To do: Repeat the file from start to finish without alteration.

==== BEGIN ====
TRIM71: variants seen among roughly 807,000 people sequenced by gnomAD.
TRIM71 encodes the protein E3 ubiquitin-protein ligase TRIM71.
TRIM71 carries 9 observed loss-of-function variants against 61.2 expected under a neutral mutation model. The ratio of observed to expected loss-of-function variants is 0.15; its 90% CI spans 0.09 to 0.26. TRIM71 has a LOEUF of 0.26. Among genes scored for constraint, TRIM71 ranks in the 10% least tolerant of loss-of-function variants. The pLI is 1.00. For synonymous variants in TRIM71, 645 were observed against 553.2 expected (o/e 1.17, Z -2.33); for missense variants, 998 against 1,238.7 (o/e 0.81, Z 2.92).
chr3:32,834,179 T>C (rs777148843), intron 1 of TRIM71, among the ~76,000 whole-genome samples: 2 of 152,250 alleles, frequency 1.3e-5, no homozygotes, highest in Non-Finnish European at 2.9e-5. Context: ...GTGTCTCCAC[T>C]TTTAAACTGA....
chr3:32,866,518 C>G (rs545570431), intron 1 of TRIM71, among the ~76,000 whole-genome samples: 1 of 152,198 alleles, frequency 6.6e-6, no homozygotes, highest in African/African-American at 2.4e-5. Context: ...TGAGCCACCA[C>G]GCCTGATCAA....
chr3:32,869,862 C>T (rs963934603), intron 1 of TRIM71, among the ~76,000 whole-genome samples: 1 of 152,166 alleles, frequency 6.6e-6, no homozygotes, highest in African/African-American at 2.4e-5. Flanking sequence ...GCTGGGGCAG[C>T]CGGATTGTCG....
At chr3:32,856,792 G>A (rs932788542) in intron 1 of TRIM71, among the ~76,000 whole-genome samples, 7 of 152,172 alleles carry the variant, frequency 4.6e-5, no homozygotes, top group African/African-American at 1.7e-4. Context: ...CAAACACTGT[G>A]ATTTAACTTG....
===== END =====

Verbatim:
TRIM71: variants seen among roughly 807,000 people sequenced by gnomAD.
TRIM71 encodes the protein E3 ubiquitin-protein ligase TRIM71.
TRIM71 carries 9 observed loss-of-function variants against 61.2 expected under a neutral mutation model. The ratio of observed to expected loss-of-function variants is 0.15; its 90% CI spans 0.09 to 0.26. TRIM71 has a LOEUF of 0.26. Among genes scored for constraint, TRIM71 ranks in the 10% least tolerant of loss-of-function variants. The pLI is 1.00. For synonymous variants in TRIM71, 645 were observed against 553.2 expected (o/e 1.17, Z -2.33); for missense variants, 998 against 1,238.7 (o/e 0.81, Z 2.92).
chr3:32,834,179 T>C (rs777148843), intron 1 of TRIM71, among the ~76,000 whole-genome samples: 2 of 152,250 alleles, frequency 1.3e-5, no homozygotes, highest in Non-Finnish European at 2.9e-5. Context: ...GTGTCTCCAC[T>C]TTTAAACTGA....
chr3:32,866,518 C>G (rs545570431), intron 1 of TRIM71, among the ~76,000 whole-genome samples: 1 of 152,198 alleles, frequency 6.6e-6, no homozygotes, highest in African/African-American at 2.4e-5. Context: ...TGAGCCACCA[C>G]GCCTGATCAA....
chr3:32,869,862 C>T (rs963934603), intron 1 of TRIM71, among the ~76,000 whole-genome samples: 1 of 152,166 alleles, frequency 6.6e-6, no homozygotes, highest in African/African-American at 2.4e-5. Flanking sequence ...GCTGGGGCAG[C>T]CGGATTGTCG....
At chr3:32,856,792 G>A (rs932788542) in intron 1 of TRIM71, among the ~76,000 whole-genome samples, 7 of 152,172 alleles carry the variant, frequency 4.6e-5, no homozygotes, top group African/African-American at 1.7e-4. Context: ...CAAACACTGT[G>A]ATTTAACTTG....